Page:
The Nuts and Bolts of a Home Inspection

The home inspector is a generalist.

1. SELECTING YOUR HOME INSPECTOR. Your realtor will have recommendations for you on a home building inspector. Interviewing the inspectors is a must but so is doing your homework and looking at their reviews on line, website, and asking your agent what their experience has been with them.

2. THOROUGHNESS. The home inspector is a generalist. This is usually someone who has background as a builder or in a specific trade, or someone who has completed the necessary coursework to be qualified to conduct a home inspection. It is a solid first step to understanding more on the nuts and bolts of your future home. 

Even better, is supplementing the home inspector with a number of specific trades such as heating and cooling company, generator company, plumber, roofer, and engineer to review drainage plan, as well as the specialists for amenities, i.e., pool, tennis court. 

You may also want to bring in someone to look at special concerns, such as a soil specialist for a property with extensive wetlands. While bringing in supplemental trades increases the overall cost of a home inspection, the greater accuracy in information gained, and discovery of potential concerns, is well worth the added expense.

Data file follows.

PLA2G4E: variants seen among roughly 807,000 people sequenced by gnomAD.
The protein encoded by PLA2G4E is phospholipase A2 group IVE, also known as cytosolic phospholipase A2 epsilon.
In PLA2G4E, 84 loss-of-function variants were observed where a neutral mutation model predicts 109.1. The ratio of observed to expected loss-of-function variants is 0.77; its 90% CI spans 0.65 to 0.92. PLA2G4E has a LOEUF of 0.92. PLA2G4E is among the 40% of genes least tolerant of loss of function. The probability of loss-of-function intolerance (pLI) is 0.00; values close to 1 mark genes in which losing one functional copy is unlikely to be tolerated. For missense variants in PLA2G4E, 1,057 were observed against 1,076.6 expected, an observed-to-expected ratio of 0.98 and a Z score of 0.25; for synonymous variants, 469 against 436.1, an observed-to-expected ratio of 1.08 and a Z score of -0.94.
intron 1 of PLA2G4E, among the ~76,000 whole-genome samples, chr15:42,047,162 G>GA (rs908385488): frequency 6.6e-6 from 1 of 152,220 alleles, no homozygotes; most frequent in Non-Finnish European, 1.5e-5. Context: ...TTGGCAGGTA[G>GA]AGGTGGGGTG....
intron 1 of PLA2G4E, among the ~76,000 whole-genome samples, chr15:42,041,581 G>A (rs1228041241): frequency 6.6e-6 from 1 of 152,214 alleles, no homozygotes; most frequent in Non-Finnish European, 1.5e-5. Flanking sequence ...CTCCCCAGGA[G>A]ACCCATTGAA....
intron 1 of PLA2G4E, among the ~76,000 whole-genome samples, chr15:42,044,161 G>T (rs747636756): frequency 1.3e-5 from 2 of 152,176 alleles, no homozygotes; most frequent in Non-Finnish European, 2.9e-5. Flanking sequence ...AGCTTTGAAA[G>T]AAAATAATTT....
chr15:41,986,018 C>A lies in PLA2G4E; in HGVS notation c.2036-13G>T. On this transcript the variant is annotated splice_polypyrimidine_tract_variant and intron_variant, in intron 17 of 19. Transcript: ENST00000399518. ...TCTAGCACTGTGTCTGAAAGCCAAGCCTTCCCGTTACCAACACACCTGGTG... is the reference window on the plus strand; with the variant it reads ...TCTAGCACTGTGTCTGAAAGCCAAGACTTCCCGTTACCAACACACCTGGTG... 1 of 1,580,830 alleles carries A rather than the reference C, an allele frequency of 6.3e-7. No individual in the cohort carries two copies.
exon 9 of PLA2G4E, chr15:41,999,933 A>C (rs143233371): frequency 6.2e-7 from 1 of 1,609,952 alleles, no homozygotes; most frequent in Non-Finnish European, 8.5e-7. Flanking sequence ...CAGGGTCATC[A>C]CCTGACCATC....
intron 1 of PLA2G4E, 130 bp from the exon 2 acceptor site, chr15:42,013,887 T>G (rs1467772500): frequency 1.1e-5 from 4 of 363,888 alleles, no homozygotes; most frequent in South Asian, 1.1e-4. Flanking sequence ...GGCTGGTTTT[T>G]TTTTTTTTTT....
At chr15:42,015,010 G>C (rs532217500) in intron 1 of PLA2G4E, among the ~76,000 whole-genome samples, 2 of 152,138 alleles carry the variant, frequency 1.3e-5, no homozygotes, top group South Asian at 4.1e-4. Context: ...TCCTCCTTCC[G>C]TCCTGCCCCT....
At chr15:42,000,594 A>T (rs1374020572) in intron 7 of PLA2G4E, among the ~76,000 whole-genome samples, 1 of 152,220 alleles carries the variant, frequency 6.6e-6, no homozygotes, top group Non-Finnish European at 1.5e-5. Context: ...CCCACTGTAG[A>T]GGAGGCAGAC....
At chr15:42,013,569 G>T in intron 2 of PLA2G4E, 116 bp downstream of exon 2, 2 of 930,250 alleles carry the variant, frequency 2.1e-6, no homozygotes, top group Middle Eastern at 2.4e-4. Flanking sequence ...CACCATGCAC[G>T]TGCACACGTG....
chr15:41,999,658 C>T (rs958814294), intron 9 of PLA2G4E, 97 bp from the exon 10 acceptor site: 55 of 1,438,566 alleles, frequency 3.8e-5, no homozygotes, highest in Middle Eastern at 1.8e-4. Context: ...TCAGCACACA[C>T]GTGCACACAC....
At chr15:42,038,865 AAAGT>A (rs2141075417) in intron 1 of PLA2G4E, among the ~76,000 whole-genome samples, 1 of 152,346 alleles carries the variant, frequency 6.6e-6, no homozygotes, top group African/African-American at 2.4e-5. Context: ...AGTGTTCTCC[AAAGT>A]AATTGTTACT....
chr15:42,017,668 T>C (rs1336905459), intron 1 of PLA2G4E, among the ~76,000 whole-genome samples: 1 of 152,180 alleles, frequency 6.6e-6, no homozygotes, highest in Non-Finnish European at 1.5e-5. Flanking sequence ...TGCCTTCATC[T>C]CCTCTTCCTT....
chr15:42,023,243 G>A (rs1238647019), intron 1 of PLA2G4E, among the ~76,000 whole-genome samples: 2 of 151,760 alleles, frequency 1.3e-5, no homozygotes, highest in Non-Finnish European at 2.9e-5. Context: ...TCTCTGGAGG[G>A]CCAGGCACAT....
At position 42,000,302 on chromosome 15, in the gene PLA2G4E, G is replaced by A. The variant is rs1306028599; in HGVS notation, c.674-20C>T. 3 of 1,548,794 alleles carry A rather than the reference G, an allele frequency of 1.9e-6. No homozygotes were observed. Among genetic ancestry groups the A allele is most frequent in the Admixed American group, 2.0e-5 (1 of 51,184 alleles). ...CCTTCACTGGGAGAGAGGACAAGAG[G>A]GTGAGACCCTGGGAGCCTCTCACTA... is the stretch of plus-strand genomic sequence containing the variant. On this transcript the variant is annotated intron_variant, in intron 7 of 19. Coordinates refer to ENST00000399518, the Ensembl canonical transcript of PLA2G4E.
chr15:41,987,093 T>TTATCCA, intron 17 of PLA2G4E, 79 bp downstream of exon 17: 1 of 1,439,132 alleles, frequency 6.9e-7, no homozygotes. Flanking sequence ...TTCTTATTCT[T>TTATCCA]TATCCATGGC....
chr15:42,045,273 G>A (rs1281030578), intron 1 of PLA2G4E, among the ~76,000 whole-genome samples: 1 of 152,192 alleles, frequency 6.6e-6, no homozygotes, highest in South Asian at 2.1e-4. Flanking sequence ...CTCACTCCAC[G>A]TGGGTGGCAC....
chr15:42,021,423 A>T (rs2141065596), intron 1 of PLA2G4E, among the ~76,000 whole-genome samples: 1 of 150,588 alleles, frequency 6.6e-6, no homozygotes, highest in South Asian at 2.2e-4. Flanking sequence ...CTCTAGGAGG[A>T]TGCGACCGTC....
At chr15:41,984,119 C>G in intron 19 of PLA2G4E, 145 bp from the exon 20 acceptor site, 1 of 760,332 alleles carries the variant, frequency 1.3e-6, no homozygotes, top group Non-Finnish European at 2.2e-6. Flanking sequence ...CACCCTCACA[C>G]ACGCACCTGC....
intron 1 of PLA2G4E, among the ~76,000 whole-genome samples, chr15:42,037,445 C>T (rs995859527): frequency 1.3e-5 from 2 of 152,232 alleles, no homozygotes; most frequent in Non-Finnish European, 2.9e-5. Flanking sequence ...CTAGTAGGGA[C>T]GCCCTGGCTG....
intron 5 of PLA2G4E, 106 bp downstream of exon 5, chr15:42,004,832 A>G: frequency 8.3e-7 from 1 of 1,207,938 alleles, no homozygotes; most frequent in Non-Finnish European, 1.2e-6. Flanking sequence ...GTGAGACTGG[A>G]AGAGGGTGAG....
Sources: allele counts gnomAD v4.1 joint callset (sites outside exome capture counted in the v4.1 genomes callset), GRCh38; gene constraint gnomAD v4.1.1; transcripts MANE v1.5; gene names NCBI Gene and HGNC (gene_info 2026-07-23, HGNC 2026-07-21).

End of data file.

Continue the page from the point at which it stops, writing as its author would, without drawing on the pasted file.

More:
3. ENVIRONMENTAL. There are a number of tests you can have completed in the health arena, either by the inspector or specialists. Your building inspector can let you know which make the most sense for you, based upon your personal health needs/concerns, location and age of the home. Tests might include:

  • Radon
  • Water
  • Mold
  • Air

4. YOUR ROLE AT THE INSPECTION. As the future homeowner, it’s important that you have some basic knowledge about your future home. Where is the main water shut off? Where is the pilot light? What does each thermostat control? If you are lucky, the current homeowner will give you an in-person walk through of how your home works and/or leave you manuals, but don’t pass up the opportunity to learn as much as you can from the inspector.  Every inspector runs the inspection his own way—some like you to follow along for the entire inspection while others like to inspect a portion of the home and then bring you in for the recap. 


(1) A clear explanation verbally and in writing. If the inspector is discussing things that you don’t understand, let him know this is the case and ask him to break it down into laymen’s language.  You should also receive a thorough written report with a summary that highlights concerns/issues that the inspector has identified along with recommended action steps.

(2) Patience and time to address all of your concerns.

(3) Recommendations of specialists, should follow up be needed.

(4) Availability to answer any follow up questions.

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